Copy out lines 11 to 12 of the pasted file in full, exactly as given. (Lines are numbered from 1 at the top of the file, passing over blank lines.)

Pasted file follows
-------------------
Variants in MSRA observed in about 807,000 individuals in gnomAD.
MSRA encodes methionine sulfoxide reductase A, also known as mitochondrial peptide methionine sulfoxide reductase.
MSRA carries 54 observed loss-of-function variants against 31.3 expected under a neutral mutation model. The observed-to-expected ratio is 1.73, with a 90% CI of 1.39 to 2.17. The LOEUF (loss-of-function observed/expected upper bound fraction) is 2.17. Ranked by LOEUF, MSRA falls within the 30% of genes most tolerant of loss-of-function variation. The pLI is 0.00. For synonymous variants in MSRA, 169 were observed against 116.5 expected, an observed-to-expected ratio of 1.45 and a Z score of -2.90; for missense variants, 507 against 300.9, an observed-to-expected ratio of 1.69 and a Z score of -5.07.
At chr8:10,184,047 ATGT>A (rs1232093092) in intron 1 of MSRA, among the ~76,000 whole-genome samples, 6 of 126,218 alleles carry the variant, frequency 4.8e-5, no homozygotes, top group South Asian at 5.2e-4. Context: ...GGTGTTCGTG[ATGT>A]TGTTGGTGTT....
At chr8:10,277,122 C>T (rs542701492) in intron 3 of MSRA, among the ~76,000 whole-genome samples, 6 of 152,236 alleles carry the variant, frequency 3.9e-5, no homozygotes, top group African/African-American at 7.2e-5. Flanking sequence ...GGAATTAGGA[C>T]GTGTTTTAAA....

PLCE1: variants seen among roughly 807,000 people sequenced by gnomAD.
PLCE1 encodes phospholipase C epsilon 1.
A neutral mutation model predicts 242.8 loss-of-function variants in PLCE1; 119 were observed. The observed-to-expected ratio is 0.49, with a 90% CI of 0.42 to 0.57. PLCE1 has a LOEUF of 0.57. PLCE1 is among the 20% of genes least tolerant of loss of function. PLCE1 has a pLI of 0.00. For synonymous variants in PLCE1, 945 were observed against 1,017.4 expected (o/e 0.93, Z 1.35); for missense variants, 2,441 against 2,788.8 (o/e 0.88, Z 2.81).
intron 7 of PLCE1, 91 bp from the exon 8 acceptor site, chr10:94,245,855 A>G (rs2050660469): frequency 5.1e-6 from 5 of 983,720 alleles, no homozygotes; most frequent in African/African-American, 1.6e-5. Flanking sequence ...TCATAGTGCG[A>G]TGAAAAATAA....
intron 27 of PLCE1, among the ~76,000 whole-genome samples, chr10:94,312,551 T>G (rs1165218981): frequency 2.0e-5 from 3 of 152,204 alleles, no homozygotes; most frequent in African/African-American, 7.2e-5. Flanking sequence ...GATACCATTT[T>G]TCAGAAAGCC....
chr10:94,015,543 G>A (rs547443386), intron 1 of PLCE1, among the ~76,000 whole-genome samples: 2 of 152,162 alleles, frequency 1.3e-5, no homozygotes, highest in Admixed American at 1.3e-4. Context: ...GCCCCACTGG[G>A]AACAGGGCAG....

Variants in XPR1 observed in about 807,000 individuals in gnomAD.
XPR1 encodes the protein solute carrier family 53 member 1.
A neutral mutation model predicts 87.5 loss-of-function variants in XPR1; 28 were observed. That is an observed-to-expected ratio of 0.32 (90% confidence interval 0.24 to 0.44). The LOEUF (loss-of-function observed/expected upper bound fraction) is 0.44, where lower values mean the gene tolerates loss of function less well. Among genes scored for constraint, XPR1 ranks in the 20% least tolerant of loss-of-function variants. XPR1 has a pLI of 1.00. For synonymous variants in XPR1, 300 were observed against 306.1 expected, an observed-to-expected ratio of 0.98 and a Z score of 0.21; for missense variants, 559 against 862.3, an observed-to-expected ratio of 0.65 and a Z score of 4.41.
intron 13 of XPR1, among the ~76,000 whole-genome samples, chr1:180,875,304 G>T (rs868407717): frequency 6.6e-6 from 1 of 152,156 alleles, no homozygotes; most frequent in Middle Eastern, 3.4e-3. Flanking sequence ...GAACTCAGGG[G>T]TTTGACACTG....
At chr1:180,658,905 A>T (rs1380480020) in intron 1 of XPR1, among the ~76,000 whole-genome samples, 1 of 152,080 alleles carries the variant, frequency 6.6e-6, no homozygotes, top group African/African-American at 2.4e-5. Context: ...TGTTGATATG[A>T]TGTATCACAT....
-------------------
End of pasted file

chr10:94,015,543 G>A (rs547443386), intron 1 of PLCE1, among the ~76,000 whole-genome samples: 2 of 152,162 alleles, frequency 1.3e-5, no homozygotes, highest in Admixed American at 1.3e-4. Context: ...GCCCCACTGG[G>A]AACAGGGCAG....

Variants in XPR1 observed in about 807,000 individuals in gnomAD.